Motherboard removal is not required for either CPU platform provided you don't have a custom bracket for your current cooler. The manual does the job of explaining the install process though we found the thumbnail images to be a little on the small side.

What was not explained was the cooler's orientation relative to the motherboard. Their web documentation makes this a little clearer, but basically the fan's anchor is what should face the rear of the case, assuming the exit airflow is going in that direction. In the end, total Intel installation time was about 5 minutes.

Test Setup

Abit AW9D: Intel Intel Core 2 Extreme 2.93GHz

We will be comparing the Thermaltake V1 against the Scythe Ninja, and Zalman CPNS9500. All of the fans were configured to run at their maximum rated speed. Arctic Silver 5 was the thermal paste used for all the setups.

Prime95 was run for nine hours, with Folding @ Home running in the background everyday for four days to load the system and allow the thermal paste to even out. During the actual tests, we ran SiSoft Sandra's CPU Burn for 15 minutes, with Folding @ Home running in the background. Ambient room temperature was maintained at 23°C/74°F. All temperatures are in degrees Celsius.

The Thermaltake V1 finishes on top of the other two coolers, besting the Zalman by 3°C at both idle and load. The Zalman was also a little higher pitched at full speed. When we configured the Thermaltake V1 to run at its lowest speed setting, the cooler was near silent but the load temperatures did go up to 43°C, which is an increase of 6°C.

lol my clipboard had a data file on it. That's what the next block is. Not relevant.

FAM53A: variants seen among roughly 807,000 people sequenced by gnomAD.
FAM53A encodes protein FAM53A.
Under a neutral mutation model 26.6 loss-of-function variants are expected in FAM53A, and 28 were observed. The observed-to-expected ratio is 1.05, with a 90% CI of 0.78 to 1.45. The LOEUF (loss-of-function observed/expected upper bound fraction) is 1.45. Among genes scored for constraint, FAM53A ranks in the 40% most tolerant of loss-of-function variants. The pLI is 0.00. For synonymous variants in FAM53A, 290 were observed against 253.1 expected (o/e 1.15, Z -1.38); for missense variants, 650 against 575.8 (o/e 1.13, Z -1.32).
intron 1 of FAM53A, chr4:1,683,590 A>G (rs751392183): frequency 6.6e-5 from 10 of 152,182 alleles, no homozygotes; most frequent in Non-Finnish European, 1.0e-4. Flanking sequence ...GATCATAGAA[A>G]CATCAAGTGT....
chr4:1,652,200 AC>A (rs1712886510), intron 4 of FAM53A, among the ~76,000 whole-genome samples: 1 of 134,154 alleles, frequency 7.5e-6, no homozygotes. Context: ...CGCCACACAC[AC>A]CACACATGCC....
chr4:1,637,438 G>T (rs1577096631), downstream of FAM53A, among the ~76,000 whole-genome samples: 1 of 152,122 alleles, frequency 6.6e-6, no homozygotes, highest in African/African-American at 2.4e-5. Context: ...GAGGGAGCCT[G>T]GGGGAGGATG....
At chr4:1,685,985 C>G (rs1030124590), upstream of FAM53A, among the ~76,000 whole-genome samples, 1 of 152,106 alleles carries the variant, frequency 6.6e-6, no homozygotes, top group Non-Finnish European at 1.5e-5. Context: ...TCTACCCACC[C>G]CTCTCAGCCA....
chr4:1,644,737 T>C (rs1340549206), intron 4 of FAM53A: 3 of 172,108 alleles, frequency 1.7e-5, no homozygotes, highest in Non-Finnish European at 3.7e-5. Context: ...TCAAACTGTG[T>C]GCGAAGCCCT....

Final Words

The results speak for themselves. We were very impressed with the in many areas. The V1 is certainly one of the easiest air coolers to install, second only to the asetek VapoChill Micro. I cannot stress enough how annoying it normally is to remove a motherboard for a new cooler, especially when a lot of time was spent neatly routing cables and making everything presentable. No motherboard removal is needed assuming you're already using a cooler that locks in using AMD or Intel's current anchoring system.

Performance wise, the V1 was again very good, scoring the best among the current mainstays for our Intel cooling needs. It really wasn't close at all and even at its highest speeds, the V1 was the quietest of the bunch, though take this with a grain of salt. It was still noisy. Lowering the fan speed to its minimum made it near silent and performance was still at a point that we were not concerned at all.

The only know we have really is the instructions could use larger pictures. We have also heard that some users have had some installation difficulties with AMD installs, but we did not encounter any issues. The only potential issues with installation may have to do with size. We tested an install (as evidenced in the pictures above) on the MSI P35 Platinum which features a very large North Bridge cooler and we had no problems. However, CPU fan ducts and low profile cases will not be able to fit this cooler in most scenarios without some user modification. Other than those small problems, we think the Thermaltake V1 is a must have if you're planning to stick with air cooling and want the best performance possible.

We'd like to thank our sponsors at for making this review possible. They do have an so you're bound to find something from the extreme to basic.

If you have any comments, be sure to hit us up in our forums.